Biden has aged precipitously since then. An August survey from Associated Press/NORC found that 77 per cent of Americans, including 69 per cent of Democrats, think he is too old for another four-year term.
Nearly three quarters of respondents to a poll published earlier this month by the Wall Street Journal said the same.
Biden’s age is a major reason why he and Trump are neck and neck in the most recent polls, even though Trump faces four criminal indictments. Indeed, the polling average published by RealClearPolitics puts Trump narrowly ahead at 45.1 per cent versus 44.6.
Whichever way you dice the polling data, Biden is in a weak position. His net approval rating is minus 12 per cent. At this stage in his presidency, Trump was on minus 11.6 per cent. With 42 per cent approval, Joe Biden is currently better off than Jimmy Carter in 1979, but in a similar position to Gerald Ford and much worse off than George H. W. Bush at the same stage. All of them failed to secure re-election.
Considering how strong the U.S. economy currently looks, an amazing share of Americans — 64 per cent — think the country is on the ‘wrong track’ compared with 57 per cent at this stage in Trump’s presidency.
And then there’s the problem with Biden junior. Since 2018, the Department of Justice, Federal Bureau of Investigations, and Internal Revenue Service have been investigating Hunter Biden’s tax affairs, drug use, foreign business dealings, and gun purchases.
On October 3, the President’s son will be arraigned in person at a Delaware federal court on three criminal counts: of possessing a gun in 2018, while he was an illegal drug user, and lying in order to buy it. Hunter’s lawyers have indicated he will plead not guilty.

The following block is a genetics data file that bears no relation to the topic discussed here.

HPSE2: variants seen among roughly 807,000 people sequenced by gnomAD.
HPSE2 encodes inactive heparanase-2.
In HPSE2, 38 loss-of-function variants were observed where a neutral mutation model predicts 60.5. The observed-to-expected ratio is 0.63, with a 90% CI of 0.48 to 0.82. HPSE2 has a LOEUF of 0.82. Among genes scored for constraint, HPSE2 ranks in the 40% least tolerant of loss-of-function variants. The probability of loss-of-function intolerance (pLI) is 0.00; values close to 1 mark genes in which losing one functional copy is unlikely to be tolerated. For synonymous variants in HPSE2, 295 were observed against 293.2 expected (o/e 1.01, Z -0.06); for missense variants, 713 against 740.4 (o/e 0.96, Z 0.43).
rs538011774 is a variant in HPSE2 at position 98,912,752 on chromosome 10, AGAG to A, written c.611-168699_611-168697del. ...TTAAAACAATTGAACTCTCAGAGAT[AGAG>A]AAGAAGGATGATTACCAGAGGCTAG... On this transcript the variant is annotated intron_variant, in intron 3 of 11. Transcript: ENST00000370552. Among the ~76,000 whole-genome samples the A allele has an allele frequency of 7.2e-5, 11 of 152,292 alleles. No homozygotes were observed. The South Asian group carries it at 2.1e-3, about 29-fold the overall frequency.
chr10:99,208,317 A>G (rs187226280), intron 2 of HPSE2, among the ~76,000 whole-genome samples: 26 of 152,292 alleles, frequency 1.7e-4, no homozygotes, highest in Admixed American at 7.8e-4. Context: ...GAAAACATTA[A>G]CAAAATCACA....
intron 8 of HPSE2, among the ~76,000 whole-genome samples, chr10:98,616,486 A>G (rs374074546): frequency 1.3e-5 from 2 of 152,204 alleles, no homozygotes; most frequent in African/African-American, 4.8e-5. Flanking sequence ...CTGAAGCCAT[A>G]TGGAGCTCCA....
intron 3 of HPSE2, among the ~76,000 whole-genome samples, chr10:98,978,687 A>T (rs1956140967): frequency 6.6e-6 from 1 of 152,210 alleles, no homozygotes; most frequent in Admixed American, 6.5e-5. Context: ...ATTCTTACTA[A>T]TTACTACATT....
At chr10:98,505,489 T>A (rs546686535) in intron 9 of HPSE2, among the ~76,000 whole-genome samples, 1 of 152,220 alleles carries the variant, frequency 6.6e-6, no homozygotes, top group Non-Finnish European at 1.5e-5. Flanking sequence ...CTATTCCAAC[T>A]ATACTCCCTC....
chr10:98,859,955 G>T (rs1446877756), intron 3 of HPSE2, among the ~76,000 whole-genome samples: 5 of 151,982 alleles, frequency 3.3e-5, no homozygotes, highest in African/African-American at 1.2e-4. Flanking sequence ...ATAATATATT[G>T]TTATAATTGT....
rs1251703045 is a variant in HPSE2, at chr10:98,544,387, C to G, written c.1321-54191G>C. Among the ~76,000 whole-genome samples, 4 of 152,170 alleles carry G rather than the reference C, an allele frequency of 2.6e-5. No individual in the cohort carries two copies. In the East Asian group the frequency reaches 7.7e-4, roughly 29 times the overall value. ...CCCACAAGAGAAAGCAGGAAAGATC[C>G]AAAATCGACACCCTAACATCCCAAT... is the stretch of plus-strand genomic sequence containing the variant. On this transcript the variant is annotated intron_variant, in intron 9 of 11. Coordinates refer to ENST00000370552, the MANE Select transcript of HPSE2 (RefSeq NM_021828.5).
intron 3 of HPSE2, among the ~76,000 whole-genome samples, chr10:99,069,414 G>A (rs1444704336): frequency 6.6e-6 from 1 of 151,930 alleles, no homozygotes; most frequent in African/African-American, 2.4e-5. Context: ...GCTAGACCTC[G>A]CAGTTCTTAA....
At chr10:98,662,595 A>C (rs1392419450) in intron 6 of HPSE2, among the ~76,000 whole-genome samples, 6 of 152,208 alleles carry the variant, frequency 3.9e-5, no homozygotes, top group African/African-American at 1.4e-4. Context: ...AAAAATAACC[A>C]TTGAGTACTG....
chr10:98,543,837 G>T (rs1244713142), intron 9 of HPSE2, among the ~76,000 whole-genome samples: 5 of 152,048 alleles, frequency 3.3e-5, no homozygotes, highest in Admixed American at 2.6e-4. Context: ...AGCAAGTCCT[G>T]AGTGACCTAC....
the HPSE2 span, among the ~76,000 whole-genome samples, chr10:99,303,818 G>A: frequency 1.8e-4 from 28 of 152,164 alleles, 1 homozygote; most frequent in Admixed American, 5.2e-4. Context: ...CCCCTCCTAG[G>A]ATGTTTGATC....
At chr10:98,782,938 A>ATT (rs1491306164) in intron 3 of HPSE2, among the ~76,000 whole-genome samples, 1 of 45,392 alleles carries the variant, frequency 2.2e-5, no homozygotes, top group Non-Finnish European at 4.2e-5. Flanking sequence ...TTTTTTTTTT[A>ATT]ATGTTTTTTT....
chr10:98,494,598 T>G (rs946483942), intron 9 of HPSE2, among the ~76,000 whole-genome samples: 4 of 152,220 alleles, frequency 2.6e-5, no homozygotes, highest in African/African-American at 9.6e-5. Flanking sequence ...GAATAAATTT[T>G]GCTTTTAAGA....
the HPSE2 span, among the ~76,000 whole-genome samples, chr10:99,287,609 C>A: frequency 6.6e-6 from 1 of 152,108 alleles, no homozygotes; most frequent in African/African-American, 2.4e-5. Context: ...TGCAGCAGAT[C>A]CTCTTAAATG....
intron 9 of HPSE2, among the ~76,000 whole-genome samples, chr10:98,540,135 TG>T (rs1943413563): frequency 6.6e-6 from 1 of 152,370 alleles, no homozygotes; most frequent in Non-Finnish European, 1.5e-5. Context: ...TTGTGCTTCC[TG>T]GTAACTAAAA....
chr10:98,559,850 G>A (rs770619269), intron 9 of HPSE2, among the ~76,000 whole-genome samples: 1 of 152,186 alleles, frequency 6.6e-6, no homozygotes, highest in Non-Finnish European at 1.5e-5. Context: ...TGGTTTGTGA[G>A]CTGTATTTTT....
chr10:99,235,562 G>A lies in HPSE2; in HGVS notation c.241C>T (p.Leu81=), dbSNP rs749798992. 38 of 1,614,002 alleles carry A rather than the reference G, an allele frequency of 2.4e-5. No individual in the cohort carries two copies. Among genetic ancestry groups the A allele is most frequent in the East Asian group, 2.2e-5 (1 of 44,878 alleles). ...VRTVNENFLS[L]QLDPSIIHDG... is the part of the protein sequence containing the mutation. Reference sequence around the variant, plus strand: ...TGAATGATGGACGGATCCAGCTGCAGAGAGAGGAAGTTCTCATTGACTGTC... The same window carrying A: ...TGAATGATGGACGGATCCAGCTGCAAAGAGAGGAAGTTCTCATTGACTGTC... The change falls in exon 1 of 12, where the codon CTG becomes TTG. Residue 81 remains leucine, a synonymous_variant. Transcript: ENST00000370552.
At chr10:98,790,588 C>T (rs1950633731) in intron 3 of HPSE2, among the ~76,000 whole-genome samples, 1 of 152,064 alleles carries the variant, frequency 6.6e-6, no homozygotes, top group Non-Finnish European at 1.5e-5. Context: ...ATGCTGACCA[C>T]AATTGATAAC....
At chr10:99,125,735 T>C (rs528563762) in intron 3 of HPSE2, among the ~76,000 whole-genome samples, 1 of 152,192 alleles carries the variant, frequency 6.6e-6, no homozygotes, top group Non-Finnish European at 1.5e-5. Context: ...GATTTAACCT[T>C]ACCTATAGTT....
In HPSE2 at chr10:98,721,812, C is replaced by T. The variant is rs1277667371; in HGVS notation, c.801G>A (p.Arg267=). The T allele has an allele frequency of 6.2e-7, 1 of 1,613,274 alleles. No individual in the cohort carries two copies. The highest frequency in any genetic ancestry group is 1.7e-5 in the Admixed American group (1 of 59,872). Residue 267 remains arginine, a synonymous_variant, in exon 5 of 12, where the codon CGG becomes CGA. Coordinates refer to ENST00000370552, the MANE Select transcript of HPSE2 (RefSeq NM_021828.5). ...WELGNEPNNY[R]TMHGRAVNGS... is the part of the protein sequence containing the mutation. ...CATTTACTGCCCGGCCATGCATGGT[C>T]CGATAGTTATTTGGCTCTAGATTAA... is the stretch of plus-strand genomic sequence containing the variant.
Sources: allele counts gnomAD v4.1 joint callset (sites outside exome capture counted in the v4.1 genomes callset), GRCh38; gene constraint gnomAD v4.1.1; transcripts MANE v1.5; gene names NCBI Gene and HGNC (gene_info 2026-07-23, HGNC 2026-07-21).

Next week, the House of Representatives Oversight Committee will hold its first impeachment inquiry hearing, the goal of which will be to establish the extent of the President’s involvement in his son’s somewhat murky business dealings, notably in Ukraine and China. The White House has called the hearing a ‘political stunt’.
Biden has aged precipitously since then. An August survey from Associated Press/NORC found that 77 per cent of Americans, including 69 per cent of Democrats, think he is too old for another four-year term
At a time when Americans’ trust in politicians is at a low point, the Hunter Biden story hurts his father politically by inviting the response: ‘All politicians are crooks, so why worry about Trump’s misdemeanours?’
The worse the polling gets for Biden, the more Democrats talk privately about the need for a Plan B. After all, they backed Joe Biden in 2020 precisely to avoid a second Trump term.
And, as the case of Lyndon Johnson shows, it would not be the first time a president has bowed out of a re-election race. In fact, a total of six presidents have voluntarily forgone a run for a second term: James Polk in 1848, James Buchanan in 1860, Rutherford B. Hayes in 1880, Calvin Coolidge in 1928, Harry Truman in 1952, and LBJ in 1968.